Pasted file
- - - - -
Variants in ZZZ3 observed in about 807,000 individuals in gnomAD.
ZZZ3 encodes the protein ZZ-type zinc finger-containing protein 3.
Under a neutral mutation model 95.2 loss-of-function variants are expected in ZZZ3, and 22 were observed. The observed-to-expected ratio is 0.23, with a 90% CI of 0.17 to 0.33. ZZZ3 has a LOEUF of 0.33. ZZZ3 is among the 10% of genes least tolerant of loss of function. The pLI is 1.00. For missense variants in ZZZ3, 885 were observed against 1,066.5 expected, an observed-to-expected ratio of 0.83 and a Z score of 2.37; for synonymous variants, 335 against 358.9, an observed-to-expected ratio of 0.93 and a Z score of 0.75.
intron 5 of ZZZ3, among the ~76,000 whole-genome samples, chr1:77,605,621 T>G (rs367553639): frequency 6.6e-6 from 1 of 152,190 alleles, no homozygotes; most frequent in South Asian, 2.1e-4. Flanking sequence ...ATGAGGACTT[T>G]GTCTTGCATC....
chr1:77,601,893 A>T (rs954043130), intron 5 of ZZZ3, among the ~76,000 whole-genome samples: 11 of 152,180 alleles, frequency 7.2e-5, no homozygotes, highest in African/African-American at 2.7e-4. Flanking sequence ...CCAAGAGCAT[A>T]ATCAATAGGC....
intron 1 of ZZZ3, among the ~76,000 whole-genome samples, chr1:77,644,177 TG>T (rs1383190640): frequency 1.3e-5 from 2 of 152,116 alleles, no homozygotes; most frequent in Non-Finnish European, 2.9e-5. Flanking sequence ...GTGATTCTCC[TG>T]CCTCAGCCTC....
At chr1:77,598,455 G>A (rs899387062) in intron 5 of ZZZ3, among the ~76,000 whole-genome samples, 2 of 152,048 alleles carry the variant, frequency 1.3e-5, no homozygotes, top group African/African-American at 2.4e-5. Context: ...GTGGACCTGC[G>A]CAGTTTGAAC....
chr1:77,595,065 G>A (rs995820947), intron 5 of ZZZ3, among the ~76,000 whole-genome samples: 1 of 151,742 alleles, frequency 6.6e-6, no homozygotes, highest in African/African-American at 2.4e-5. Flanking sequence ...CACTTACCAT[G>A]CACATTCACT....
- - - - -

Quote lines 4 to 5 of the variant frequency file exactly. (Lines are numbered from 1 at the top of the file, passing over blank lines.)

intron 5 of ZZZ3, among the ~76,000 whole-genome samples, chr1:77,605,621 T>G (rs367553639): frequency 6.6e-6 from 1 of 152,190 alleles, no homozygotes; most frequent in South Asian, 2.1e-4. Flanking sequence ...ATGAGGACTT[T>G]GTCTTGCATC....
chr1:77,601,893 A>T (rs954043130), intron 5 of ZZZ3, among the ~76,000 whole-genome samples: 11 of 152,180 alleles, frequency 7.2e-5, no homozygotes, highest in African/African-American at 2.7e-4. Flanking sequence ...CCAAGAGCAT[A>T]ATCAATAGGC....